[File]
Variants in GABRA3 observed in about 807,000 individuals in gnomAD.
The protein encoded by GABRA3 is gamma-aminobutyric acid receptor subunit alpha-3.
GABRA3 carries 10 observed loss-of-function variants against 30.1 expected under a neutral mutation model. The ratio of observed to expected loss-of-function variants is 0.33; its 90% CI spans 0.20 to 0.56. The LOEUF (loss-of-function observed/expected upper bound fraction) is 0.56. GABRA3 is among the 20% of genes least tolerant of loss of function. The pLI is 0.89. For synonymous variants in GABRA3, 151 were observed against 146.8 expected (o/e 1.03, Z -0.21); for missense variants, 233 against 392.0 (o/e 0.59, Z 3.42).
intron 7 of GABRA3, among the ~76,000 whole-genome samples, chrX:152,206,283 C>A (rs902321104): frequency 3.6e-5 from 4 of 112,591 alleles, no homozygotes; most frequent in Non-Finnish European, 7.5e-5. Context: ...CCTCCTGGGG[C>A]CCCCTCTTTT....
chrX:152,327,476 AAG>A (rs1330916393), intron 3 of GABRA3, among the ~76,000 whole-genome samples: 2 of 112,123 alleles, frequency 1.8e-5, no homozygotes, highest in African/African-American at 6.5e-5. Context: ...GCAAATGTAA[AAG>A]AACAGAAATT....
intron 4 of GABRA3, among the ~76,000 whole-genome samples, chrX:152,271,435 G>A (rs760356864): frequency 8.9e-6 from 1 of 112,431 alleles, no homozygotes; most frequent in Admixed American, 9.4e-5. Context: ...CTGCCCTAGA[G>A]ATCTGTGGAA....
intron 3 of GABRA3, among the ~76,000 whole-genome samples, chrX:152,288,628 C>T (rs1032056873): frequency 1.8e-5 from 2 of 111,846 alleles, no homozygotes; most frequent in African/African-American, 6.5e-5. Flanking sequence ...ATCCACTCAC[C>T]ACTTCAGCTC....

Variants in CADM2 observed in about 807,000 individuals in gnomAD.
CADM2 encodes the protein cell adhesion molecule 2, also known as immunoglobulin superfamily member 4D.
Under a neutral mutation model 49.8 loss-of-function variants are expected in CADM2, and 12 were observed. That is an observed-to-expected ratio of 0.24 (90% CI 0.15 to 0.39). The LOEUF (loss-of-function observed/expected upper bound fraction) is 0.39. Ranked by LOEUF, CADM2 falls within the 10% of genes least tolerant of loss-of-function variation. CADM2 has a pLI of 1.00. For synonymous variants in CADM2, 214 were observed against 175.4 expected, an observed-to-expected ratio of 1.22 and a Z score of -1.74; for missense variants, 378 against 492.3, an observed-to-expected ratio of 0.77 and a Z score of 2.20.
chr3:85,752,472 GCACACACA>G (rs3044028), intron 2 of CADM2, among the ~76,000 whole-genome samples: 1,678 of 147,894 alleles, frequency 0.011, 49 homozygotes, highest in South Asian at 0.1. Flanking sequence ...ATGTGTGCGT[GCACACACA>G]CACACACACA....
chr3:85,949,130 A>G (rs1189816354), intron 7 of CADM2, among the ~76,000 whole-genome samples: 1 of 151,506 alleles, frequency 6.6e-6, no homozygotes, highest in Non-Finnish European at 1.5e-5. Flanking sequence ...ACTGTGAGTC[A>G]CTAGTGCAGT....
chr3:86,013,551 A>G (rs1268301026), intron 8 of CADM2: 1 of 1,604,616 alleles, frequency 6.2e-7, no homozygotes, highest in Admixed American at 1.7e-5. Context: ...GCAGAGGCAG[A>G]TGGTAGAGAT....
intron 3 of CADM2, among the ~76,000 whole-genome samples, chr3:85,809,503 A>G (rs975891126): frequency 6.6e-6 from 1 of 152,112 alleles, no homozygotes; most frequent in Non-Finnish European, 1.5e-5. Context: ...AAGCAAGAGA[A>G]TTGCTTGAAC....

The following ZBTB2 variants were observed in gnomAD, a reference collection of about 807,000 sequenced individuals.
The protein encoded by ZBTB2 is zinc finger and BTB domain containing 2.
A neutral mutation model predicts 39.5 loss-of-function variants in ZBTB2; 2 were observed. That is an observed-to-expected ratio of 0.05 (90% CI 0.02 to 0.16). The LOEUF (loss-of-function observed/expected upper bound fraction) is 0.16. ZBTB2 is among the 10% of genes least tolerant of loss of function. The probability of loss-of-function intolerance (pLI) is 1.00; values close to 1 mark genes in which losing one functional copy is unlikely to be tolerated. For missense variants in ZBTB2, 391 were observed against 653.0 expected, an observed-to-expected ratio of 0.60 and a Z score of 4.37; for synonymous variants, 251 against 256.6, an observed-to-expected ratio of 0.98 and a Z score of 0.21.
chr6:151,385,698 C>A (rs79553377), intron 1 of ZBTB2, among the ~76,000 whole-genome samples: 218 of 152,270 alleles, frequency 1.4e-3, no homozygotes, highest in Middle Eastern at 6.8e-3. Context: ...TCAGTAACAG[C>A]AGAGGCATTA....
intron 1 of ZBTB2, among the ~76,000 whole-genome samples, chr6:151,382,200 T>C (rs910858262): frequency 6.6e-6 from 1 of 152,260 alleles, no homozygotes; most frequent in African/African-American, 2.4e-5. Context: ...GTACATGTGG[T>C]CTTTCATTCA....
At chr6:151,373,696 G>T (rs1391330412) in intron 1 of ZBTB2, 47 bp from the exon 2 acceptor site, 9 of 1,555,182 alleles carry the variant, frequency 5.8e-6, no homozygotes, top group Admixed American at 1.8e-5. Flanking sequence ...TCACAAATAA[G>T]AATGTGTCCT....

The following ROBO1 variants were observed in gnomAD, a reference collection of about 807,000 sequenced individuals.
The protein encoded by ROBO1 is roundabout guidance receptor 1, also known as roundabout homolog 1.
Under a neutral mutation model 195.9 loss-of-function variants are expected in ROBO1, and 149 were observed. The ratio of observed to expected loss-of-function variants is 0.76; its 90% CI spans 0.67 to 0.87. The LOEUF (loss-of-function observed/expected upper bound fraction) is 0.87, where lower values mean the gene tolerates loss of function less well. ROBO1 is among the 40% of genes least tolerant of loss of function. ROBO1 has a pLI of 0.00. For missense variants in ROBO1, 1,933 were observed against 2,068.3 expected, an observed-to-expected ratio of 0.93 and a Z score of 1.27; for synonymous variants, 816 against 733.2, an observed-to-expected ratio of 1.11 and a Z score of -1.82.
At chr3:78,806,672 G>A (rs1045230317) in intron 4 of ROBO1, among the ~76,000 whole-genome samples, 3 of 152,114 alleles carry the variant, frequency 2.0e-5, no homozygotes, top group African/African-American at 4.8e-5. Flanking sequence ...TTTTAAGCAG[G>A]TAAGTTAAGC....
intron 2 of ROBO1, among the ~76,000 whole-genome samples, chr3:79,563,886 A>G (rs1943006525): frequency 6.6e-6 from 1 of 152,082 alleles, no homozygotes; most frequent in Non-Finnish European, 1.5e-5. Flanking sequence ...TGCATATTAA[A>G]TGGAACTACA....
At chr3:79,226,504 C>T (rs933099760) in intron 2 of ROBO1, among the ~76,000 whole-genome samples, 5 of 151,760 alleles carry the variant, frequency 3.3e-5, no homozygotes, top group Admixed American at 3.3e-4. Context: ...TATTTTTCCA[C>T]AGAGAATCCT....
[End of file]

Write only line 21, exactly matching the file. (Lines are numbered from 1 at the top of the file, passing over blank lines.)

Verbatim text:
The following ROBO1 variants were observed in gnomAD, a reference collection of about 807,000 sequenced individuals.